SuperMarket Grocery Supplies Pvt. Ltd, which owns online grocer BigBasket is raising $150 million
(about Rs 1,040 crore) in a fresh round of funding led by South Korean firm Mirae Asset. Mirae Asset will put in $59.9 million in this round, filings with the Registrar of Companies (RoC) show. UK government-owned development financial institution CDC Group Plc will contribute $40 million while China’s Alibaba Group, BigBasket’s largest shareholder, will invest $50 million.
According to report estimates, the investment will increase the Bengaluru-based company’s valuation to $2-2.
billion. BigBasket had achieved the unicorn status in February last year when it raised $300 million in its Series E round of funding led by Alibaba. Though BigBasket had crossed $1.6-1.8 billion in valuation by report estimates at the time, a person close to the company had pegged it at $950 million.
Once the latest transaction is completed, Alibaba will hold 26.26% stake in BigBasket, Mirae Asset will own 5.31% stake while CDC’s shareholding will stand at 3.54%. Private equity firm Abraaj Group is currently the second-largest shareholder in the company with 17.16% stake. BigBasket’s other major shareholders include homegrown private equity firm Ascent Capital and venture capital firms Helion Venture Partners, Sands Capital, Bessemer Venture Partners and International Finance Corporation (IFC).
BigBasket’s big-ticket fundraise comes at a time when the competition in the online grocery space has been heating up. Grofers, its main like-for-like rival, last month secured $60 million in a round led by Japanese conglomerate SoftBank. The Gurugram-based company raised the follow-on funding at a post-money valuation of $424 million.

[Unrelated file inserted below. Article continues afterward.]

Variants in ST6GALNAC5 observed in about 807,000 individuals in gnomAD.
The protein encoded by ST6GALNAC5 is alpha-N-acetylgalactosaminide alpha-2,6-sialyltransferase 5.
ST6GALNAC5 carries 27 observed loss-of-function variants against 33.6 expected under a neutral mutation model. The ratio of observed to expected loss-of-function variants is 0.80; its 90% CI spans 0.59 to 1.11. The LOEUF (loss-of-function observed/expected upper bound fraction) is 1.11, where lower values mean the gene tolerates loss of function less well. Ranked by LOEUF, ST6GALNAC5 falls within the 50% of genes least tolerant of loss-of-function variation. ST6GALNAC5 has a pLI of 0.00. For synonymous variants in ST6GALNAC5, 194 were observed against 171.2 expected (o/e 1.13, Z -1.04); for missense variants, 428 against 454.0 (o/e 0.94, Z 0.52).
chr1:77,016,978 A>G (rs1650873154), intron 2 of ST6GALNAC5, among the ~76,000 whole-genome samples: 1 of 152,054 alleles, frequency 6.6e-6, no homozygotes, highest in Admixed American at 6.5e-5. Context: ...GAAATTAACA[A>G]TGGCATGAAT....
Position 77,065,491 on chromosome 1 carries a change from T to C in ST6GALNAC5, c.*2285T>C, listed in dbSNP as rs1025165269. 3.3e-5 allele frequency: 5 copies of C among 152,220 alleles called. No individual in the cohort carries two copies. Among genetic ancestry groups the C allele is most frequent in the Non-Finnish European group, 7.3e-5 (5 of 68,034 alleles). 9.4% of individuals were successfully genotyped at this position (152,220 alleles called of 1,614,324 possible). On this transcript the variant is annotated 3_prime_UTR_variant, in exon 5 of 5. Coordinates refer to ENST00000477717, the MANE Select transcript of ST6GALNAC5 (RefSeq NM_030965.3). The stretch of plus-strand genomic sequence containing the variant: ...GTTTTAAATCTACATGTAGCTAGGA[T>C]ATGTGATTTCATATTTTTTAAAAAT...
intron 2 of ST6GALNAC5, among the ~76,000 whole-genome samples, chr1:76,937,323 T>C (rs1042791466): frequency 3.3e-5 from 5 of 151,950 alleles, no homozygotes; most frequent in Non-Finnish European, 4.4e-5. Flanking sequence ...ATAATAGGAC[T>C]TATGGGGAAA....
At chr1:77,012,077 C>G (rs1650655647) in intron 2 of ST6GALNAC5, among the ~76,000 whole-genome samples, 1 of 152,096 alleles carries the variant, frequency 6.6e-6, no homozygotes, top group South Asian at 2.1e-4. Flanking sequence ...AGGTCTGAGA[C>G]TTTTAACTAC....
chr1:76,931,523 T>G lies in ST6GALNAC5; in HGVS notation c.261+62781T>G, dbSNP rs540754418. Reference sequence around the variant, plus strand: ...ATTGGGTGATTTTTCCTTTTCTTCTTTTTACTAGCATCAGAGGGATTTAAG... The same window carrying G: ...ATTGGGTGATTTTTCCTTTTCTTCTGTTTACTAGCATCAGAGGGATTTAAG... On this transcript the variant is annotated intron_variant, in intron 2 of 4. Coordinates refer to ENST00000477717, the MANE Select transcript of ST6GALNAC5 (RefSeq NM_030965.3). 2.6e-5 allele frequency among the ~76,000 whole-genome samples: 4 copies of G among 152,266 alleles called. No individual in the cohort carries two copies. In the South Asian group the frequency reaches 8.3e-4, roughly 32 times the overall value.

Meanwhile, Walmart-owned Flipkart and US-headquartered e-commerce giant Amazon have also been aggressively expanding their grocery verticals.
Amazon offers online delivery of groceries and daily essentials through its app Amazon Prime Now, while horizontal e-commerce rival Flipkart has also been getting its hyperlocal service off the ground. Amazon, which also owns a food processing and retail unit, resumed its grocery service after the online retail giant faced disruption from revised e-commerce norms which kicked in on February 1.
Flipkart CEO Kalyan Krishnamurthy recently stated that the company plans to invest heavily in groceries over the next three years and was exploring investments in or partnerships with offline grocery retailers.
In addition, food-tech unicorn Swiggy diversified its operations with the recent launch of a new hyperlocal service that offers home delivery of groceries and other daily essentials.
BigBasket, which is currently the country’s top grocery e-tailer, operates in 30 cities. clocking Rs 200 crore in terms of monthly run-rate. At the time of the last funding announcement, chief executive Hari Menon had said that he wanted to bring this number to Rs 500 crore by March 2019, which would mean that the company would finish the current financial year with a Rs 6,000-crore exit run rate.